Government bolsters efforts to establish second-tier institution for cooperative regulation

KATHMANDU: Amidst mounting concerns over a plethora of irregularities within the cooperative sector, the government has intensified its endeavors to institute a Second-Tier Institution (STI) as a robust regulatory body to oversee the domain.

In recent years, the government has identified approximately two dozen cooperatives as problematic, with numerous complaints lodged against several others for alleged misappropriation of depositors’ funds. Despite discussions dating back two decades regarding the establishment of a dedicated STI, concrete action had not materialized until now.

Presently, the Department of Cooperatives (DoC) functions as the primary regulatory authority, yet has faced criticism for its perceived ineffectiveness in monitoring the operations of over 32,000 cooperatives nationwide.

Although the constitution advocates for empowering local governments to regulate cooperatives within their jurisdictions, progress has been sluggish due to legal constraints and human resource shortages. Nepal Rastra Bank (NRB), apart from overseeing a few major cooperatives, has declined to regulate the thousands of others.

Balaram Adhikari, Minister for Land Management, Cooperatives, and Poverty Alleviation, affirmed the government’s commitment to establish a potent STI during a recent event, emphasizing the need for stringent measures to ensure compliance with laws within cooperative entities.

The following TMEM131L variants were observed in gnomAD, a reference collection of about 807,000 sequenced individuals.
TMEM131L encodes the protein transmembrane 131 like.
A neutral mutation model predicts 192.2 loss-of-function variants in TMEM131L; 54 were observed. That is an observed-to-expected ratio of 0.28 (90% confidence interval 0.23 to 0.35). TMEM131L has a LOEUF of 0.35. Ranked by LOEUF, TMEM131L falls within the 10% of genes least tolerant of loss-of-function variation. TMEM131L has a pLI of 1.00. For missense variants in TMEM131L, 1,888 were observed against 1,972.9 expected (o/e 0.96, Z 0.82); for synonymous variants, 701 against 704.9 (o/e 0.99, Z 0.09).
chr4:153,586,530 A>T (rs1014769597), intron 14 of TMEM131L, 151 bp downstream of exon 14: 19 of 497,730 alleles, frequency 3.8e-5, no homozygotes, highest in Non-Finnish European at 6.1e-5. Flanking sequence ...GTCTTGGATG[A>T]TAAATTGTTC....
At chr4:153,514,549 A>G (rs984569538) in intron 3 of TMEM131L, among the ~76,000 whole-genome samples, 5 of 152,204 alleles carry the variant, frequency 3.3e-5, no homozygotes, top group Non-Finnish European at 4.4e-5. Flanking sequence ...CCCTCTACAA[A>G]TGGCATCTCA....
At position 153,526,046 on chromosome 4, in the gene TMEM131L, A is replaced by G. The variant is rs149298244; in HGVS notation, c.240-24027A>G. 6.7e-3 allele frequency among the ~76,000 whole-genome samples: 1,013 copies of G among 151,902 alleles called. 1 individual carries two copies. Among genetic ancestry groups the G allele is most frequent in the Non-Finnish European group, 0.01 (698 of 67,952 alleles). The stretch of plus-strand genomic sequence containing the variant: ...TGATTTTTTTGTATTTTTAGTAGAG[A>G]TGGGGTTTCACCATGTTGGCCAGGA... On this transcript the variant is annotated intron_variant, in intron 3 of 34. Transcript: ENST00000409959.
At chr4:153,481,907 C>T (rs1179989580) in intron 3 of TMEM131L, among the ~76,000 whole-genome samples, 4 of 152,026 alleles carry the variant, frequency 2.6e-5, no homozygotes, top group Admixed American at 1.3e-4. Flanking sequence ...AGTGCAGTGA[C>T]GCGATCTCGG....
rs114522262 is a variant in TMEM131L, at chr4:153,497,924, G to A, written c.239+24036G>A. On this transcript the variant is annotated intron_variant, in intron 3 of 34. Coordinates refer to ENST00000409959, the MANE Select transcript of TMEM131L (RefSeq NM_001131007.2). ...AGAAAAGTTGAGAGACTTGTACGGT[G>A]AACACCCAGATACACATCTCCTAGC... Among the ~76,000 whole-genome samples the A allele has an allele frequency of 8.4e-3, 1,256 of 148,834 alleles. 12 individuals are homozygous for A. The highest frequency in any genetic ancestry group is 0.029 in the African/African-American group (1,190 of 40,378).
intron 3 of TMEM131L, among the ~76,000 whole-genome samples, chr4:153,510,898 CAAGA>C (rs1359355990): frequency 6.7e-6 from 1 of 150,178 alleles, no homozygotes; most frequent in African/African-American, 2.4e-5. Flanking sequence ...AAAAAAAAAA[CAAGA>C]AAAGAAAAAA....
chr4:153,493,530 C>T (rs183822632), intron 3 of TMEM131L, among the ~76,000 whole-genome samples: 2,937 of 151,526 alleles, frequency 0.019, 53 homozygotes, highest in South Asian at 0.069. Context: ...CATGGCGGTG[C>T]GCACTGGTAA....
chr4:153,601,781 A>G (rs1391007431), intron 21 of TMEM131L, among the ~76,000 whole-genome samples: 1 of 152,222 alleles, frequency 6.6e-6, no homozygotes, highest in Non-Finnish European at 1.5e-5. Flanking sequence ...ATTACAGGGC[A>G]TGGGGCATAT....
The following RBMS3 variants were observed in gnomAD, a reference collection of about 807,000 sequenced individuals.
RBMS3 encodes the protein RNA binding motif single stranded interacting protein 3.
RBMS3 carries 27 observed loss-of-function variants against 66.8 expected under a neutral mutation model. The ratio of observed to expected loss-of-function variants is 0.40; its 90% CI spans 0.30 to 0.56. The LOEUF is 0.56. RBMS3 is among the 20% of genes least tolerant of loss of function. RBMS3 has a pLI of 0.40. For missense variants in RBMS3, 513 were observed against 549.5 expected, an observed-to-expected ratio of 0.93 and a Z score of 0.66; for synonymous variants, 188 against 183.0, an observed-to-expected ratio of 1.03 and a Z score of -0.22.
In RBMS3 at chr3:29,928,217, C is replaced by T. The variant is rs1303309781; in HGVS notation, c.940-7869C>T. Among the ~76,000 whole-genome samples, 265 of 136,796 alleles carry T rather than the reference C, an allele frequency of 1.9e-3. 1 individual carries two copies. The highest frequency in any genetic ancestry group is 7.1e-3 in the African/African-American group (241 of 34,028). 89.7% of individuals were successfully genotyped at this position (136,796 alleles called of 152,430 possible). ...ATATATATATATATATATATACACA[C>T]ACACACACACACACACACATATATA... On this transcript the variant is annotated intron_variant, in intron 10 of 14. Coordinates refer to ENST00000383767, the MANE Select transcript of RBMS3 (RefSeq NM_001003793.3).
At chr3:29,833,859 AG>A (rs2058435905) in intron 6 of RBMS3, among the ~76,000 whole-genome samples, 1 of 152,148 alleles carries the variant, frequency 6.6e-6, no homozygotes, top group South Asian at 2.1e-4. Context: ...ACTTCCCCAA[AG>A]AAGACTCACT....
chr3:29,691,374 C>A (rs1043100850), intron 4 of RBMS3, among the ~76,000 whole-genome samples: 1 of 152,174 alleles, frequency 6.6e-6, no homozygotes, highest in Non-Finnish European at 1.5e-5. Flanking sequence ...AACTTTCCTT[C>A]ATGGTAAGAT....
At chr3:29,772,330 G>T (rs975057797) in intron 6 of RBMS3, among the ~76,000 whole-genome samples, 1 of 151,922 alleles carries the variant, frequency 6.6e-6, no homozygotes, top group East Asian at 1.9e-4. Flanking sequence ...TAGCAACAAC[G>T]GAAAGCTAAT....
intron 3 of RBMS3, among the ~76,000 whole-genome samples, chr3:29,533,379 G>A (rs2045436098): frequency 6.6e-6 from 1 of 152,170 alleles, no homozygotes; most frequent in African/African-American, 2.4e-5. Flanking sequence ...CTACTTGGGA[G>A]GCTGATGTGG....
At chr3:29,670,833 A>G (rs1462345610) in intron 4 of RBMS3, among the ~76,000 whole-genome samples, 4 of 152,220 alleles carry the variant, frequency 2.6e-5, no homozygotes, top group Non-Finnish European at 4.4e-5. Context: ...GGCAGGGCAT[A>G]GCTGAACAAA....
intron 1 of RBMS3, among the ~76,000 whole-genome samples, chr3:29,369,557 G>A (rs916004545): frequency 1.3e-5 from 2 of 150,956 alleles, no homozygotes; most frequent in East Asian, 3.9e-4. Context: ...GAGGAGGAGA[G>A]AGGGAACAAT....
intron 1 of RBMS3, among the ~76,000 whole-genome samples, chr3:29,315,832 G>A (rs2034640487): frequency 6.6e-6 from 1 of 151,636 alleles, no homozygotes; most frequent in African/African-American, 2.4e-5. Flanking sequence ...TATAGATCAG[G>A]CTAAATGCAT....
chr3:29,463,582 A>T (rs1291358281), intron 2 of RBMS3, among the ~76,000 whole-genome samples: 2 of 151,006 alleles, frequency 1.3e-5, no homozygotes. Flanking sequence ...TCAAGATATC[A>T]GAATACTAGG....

Former DoC registrar Sudarshan Dhakal highlighted discussions spanning sixteen years regarding the formation of an STI to supervise savings and credit cooperatives, yet progress remains elusive.

Minister Adhikari revealed that a draft proposal for the STI’s formation has been submitted to the Ministries of Finance and Law, Justice, and Parliamentary Affairs for initial endorsement, with subsequent legislative actions anticipated upon their approval.

The International Monetary Fund (IMF) has echoed calls for a dedicated STI, citing the escalating risks posed by inadequately regulated cooperatives and advocating for regulatory frameworks to align with the government’s financial inclusion objectives.

Former NRB executive director Nara Bahadur Thapa underscored the necessity of an STI to alleviate the central bank’s burden in overseeing numerous financial intermediaries.

Ramesh Chaulagain, NRB’s deputy director, suggested categorizing cooperatives and facilitating mergers as an alternative approach to streamline supervision, underscoring the complexity of overseeing thousands of cooperatives under a single STI.

As discussions continue and proposals progress, stakeholders are hopeful that the establishment of a robust STI will fortify regulatory oversight and promote transparency within Nepal’s cooperative sector.

Fiscal Nepal |
Sunday March 31, 2024, 11:48:48 AM |

Leave a Reply

Your email address will not be published. Required fields are marked *